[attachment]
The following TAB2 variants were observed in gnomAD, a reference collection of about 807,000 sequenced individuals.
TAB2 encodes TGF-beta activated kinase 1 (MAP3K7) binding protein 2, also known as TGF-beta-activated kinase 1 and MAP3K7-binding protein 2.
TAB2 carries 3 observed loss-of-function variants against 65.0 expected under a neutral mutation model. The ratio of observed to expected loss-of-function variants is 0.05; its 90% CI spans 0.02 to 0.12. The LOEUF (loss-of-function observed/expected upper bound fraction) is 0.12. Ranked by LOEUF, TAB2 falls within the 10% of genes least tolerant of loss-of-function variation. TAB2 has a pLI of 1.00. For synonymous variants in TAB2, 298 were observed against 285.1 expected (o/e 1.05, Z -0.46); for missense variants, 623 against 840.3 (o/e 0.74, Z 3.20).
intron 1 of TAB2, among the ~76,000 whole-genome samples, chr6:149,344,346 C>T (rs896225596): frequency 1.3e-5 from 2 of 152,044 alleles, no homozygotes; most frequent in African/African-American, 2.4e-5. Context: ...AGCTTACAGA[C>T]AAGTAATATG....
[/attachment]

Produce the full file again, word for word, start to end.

The following TAB2 variants were observed in gnomAD, a reference collection of about 807,000 sequenced individuals.
TAB2 encodes TGF-beta activated kinase 1 (MAP3K7) binding protein 2, also known as TGF-beta-activated kinase 1 and MAP3K7-binding protein 2.
TAB2 carries 3 observed loss-of-function variants against 65.0 expected under a neutral mutation model. The ratio of observed to expected loss-of-function variants is 0.05; its 90% CI spans 0.02 to 0.12. The LOEUF (loss-of-function observed/expected upper bound fraction) is 0.12. Ranked by LOEUF, TAB2 falls within the 10% of genes least tolerant of loss-of-function variation. TAB2 has a pLI of 1.00. For synonymous variants in TAB2, 298 were observed against 285.1 expected (o/e 1.05, Z -0.46); for missense variants, 623 against 840.3 (o/e 0.74, Z 3.20).
intron 1 of TAB2, among the ~76,000 whole-genome samples, chr6:149,344,346 C>T (rs896225596): frequency 1.3e-5 from 2 of 152,044 alleles, no homozygotes; most frequent in African/African-American, 2.4e-5. Context: ...AGCTTACAGA[C>T]AAGTAATATG....